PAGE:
You seem fairly determined to keep your version of the "Author
Signature" definition you feel designed to address this concern, but
only in fairly limited situations. This definition, in many cases,
prohibits use of user/agent specific information regarding a token
directly associated with signatures without also implementing multiple
signatures, or expecting verifiers to guess identities by picking the
higher header within the message header stack. This is most
unfortunate, as the value DKIM may have had in curbing abuse depends,
to a substantial degree, upon the definition expressed within RFC 4871
for the i= parameter. This definition permits the i= parameter to
serve as a token for the entity introducing the message (on whose
behalf the signature was added). This token enables simpler feedback
reports, and defensive measures that can be used by receiving
domains. "They can use multiple signatures when they wish to be
specific" sounds too much like "let them eat cake." This statement
represents an excuse for an awkward and erroneous definition that
overlooks the intent of RFC 4871, and the increased overhead,
complexity, and risk.
A defence afforded by meaningful tokens of the user/agent is not
affected by a value being opaque and matches nothing within the
message. Such an opaque value would be compliant with RFC 4871. The
i= identity's real value is found as a token that can track sources
within a domain of compromised systems. Whether the token represents
an obscured machine or person does not matter. Even an i= identity
changing every day still provides useful information when dealing with
large domains where blocking at the domain is truly onerous.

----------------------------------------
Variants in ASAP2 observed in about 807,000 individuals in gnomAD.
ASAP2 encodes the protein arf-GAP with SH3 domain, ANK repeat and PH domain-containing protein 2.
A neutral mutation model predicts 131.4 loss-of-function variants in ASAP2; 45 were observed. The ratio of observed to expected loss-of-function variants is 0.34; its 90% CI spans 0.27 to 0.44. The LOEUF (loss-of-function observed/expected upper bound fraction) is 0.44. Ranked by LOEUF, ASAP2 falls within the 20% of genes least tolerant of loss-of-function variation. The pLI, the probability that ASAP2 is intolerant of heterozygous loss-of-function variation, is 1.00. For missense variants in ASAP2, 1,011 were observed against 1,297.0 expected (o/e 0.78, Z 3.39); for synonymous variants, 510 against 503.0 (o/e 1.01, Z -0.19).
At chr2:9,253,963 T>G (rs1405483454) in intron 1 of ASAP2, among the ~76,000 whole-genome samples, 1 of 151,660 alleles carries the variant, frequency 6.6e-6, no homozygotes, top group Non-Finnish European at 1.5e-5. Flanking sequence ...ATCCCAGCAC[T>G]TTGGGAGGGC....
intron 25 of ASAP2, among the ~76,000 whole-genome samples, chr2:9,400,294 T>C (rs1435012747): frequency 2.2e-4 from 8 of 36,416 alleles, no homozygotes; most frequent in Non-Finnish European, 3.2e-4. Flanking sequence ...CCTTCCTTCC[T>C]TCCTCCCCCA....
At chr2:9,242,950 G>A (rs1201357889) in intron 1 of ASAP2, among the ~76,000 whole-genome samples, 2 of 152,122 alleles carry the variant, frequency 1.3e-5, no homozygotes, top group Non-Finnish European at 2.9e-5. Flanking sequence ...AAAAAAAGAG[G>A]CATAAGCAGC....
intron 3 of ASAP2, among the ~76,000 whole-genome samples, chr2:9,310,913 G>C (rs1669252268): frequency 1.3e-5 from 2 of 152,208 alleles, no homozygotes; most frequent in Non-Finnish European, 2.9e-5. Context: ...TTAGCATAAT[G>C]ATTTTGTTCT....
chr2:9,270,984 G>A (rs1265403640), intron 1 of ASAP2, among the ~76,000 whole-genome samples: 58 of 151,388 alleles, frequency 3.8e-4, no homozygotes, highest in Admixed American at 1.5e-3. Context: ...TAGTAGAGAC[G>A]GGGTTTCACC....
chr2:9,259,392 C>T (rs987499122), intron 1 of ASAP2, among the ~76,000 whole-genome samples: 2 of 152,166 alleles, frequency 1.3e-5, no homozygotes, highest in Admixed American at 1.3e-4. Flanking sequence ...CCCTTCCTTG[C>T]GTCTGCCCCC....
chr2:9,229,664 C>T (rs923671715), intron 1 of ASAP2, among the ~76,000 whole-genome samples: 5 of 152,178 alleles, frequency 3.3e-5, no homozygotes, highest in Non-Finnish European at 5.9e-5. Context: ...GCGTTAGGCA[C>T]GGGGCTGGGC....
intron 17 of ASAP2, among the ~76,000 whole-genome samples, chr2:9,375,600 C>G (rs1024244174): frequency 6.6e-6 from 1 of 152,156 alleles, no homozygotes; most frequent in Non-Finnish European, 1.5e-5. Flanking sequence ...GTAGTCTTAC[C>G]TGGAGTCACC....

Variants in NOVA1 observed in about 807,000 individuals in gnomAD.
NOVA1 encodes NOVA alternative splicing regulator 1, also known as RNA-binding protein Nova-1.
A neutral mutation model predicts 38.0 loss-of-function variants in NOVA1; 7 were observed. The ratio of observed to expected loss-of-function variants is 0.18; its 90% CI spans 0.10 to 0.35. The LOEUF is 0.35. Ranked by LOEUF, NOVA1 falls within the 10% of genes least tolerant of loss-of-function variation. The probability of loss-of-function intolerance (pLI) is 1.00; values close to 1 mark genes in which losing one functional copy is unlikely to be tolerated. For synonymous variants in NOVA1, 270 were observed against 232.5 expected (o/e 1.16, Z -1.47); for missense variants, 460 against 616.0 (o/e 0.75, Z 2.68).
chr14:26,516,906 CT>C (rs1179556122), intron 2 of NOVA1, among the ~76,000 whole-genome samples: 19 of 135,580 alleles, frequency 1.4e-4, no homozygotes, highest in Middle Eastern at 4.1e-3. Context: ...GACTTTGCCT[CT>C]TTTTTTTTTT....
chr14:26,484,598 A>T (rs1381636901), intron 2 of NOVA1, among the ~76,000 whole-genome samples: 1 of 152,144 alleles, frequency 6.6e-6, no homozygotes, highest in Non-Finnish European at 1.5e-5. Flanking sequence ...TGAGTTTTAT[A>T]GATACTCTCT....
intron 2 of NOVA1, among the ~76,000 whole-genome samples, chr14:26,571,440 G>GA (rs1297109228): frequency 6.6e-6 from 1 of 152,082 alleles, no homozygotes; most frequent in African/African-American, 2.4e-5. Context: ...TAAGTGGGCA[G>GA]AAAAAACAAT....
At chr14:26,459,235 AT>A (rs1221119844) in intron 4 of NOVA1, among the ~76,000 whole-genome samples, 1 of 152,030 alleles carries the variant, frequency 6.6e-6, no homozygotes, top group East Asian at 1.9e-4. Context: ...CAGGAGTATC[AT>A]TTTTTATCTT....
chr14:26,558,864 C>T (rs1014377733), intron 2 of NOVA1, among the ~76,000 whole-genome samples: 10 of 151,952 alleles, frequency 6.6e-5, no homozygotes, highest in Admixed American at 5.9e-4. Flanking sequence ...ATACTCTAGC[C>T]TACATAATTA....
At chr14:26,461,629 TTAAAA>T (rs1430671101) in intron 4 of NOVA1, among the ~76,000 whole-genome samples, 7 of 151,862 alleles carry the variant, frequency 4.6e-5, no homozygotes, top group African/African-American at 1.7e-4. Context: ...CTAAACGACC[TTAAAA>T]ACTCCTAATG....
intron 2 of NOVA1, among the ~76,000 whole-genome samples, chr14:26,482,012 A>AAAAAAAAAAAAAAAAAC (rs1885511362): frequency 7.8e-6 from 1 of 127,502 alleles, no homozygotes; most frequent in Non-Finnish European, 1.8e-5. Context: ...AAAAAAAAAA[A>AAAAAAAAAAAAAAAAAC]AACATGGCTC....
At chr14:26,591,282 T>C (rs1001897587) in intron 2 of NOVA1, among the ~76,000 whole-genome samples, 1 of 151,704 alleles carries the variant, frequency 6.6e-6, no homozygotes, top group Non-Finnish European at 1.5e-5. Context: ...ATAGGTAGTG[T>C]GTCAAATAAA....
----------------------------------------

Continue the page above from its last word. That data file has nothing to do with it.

In addition, the Author Signature restatement of the definition for
the i= parameter is plain wrong. One can not say the i= parameter
represents on whose behalf the signature was added, and then say this
identity must also represent the email-addresses found within the From
header. Such a definition must be wrong in many cases. DKIM is not
about ensuring that the identity of an individual matches that of an
email-address contained with the message. Such matching is completely
optional, since DKIM is _not_ attempting to replace S/MIME or
OpenPGP. As such, there is no reason for DKIM policies to then
stipulate what identities are permitted to represent the on-behalf-of
entity. The recognizable identity offered by DKIM is the _DOMAIN_.
Your Author Signature definition forces recipients into guessing which
header might contain the identity on whose behalf the signature was
added. This may happen when, to be compliant with the Author
Signature definition, the signature remains ambiguous as a path of
least resistance. Guessing identities then opens the door for
spoofing, especially when multiple signatures are added, but perhaps
in the wrong order. It is ironic most DKIM messages are not processed
during the SMTP transaction, where a policy definition expecting use
of multiple signatures only makes this goal less obtainable. This
definition causes the signature processing overhead to be more
complex, and more error prone, and less safe. Anyone using DKIM
naively thinking that, because they sign all their messages using RFC
4871, they can then make a DKIM policy assertion they sign "all" their
messages, will be in for a rude awakening due to your definition of